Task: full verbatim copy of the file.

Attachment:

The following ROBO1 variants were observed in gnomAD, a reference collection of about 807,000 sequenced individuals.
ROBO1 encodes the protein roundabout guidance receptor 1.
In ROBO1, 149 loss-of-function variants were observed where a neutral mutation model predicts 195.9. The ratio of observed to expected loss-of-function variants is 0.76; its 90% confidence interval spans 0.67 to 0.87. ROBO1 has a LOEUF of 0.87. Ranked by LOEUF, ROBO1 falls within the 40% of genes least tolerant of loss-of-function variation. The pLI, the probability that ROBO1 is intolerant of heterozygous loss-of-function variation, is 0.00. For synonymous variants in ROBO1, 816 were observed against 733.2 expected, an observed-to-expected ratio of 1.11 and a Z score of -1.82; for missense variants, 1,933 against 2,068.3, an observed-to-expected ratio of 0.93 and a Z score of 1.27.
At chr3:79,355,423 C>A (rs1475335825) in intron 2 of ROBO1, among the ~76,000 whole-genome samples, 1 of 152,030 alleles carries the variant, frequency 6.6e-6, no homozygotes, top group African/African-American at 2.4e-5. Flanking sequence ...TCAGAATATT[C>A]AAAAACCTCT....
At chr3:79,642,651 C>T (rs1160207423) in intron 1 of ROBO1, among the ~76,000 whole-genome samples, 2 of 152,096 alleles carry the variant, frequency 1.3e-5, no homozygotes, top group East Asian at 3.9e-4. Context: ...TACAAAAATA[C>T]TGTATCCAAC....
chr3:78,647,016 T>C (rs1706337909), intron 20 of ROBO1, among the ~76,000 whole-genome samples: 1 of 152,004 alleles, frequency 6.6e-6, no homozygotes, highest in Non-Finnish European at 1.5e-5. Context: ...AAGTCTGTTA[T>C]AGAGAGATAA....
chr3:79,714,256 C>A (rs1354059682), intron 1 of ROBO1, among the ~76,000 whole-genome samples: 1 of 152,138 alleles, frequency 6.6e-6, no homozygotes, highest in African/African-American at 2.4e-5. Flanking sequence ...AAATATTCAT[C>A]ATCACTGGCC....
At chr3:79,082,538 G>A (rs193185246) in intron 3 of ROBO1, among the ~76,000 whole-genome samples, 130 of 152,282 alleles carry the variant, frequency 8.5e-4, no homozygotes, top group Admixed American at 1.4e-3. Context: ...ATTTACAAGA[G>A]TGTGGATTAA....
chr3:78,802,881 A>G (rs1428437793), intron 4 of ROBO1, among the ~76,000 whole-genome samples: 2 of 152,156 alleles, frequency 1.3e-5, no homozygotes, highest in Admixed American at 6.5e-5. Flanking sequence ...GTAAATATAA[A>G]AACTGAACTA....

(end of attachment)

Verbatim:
The following ROBO1 variants were observed in gnomAD, a reference collection of about 807,000 sequenced individuals.
ROBO1 encodes the protein roundabout guidance receptor 1.
In ROBO1, 149 loss-of-function variants were observed where a neutral mutation model predicts 195.9. The ratio of observed to expected loss-of-function variants is 0.76; its 90% confidence interval spans 0.67 to 0.87. ROBO1 has a LOEUF of 0.87. Ranked by LOEUF, ROBO1 falls within the 40% of genes least tolerant of loss-of-function variation. The pLI, the probability that ROBO1 is intolerant of heterozygous loss-of-function variation, is 0.00. For synonymous variants in ROBO1, 816 were observed against 733.2 expected, an observed-to-expected ratio of 1.11 and a Z score of -1.82; for missense variants, 1,933 against 2,068.3, an observed-to-expected ratio of 0.93 and a Z score of 1.27.
At chr3:79,355,423 C>A (rs1475335825) in intron 2 of ROBO1, among the ~76,000 whole-genome samples, 1 of 152,030 alleles carries the variant, frequency 6.6e-6, no homozygotes, top group African/African-American at 2.4e-5. Flanking sequence ...TCAGAATATT[C>A]AAAAACCTCT....
At chr3:79,642,651 C>T (rs1160207423) in intron 1 of ROBO1, among the ~76,000 whole-genome samples, 2 of 152,096 alleles carry the variant, frequency 1.3e-5, no homozygotes, top group East Asian at 3.9e-4. Context: ...TACAAAAATA[C>T]TGTATCCAAC....
chr3:78,647,016 T>C (rs1706337909), intron 20 of ROBO1, among the ~76,000 whole-genome samples: 1 of 152,004 alleles, frequency 6.6e-6, no homozygotes, highest in Non-Finnish European at 1.5e-5. Context: ...AAGTCTGTTA[T>C]AGAGAGATAA....
chr3:79,714,256 C>A (rs1354059682), intron 1 of ROBO1, among the ~76,000 whole-genome samples: 1 of 152,138 alleles, frequency 6.6e-6, no homozygotes, highest in African/African-American at 2.4e-5. Flanking sequence ...AAATATTCAT[C>A]ATCACTGGCC....
At chr3:79,082,538 G>A (rs193185246) in intron 3 of ROBO1, among the ~76,000 whole-genome samples, 130 of 152,282 alleles carry the variant, frequency 8.5e-4, no homozygotes, top group Admixed American at 1.4e-3. Context: ...ATTTACAAGA[G>A]TGTGGATTAA....
chr3:78,802,881 A>G (rs1428437793), intron 4 of ROBO1, among the ~76,000 whole-genome samples: 2 of 152,156 alleles, frequency 1.3e-5, no homozygotes, highest in Admixed American at 6.5e-5. Flanking sequence ...GTAAATATAA[A>G]AACTGAACTA....